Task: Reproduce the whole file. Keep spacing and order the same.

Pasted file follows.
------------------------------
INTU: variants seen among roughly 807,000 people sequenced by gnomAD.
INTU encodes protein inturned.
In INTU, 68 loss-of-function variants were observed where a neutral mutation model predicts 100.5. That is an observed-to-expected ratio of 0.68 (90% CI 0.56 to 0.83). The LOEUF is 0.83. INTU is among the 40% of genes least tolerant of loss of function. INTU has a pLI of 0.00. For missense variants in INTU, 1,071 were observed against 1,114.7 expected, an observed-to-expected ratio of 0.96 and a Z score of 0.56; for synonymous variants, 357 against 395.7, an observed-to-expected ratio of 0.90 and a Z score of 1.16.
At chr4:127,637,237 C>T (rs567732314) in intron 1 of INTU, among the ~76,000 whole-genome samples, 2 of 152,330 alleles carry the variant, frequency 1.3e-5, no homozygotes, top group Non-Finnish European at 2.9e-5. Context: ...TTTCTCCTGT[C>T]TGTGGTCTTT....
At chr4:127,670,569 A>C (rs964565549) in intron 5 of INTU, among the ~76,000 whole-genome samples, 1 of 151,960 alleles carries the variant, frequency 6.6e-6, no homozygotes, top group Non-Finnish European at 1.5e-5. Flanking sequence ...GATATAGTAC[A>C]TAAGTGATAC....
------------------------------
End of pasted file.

INTU: variants seen among roughly 807,000 people sequenced by gnomAD.
INTU encodes protein inturned.
In INTU, 68 loss-of-function variants were observed where a neutral mutation model predicts 100.5. That is an observed-to-expected ratio of 0.68 (90% CI 0.56 to 0.83). The LOEUF is 0.83. INTU is among the 40% of genes least tolerant of loss of function. INTU has a pLI of 0.00. For missense variants in INTU, 1,071 were observed against 1,114.7 expected, an observed-to-expected ratio of 0.96 and a Z score of 0.56; for synonymous variants, 357 against 395.7, an observed-to-expected ratio of 0.90 and a Z score of 1.16.
At chr4:127,637,237 C>T (rs567732314) in intron 1 of INTU, among the ~76,000 whole-genome samples, 2 of 152,330 alleles carry the variant, frequency 1.3e-5, no homozygotes, top group Non-Finnish European at 2.9e-5. Context: ...TTTCTCCTGT[C>T]TGTGGTCTTT....
At chr4:127,670,569 A>C (rs964565549) in intron 5 of INTU, among the ~76,000 whole-genome samples, 1 of 151,960 alleles carries the variant, frequency 6.6e-6, no homozygotes, top group Non-Finnish European at 1.5e-5. Flanking sequence ...GATATAGTAC[A>C]TAAGTGATAC....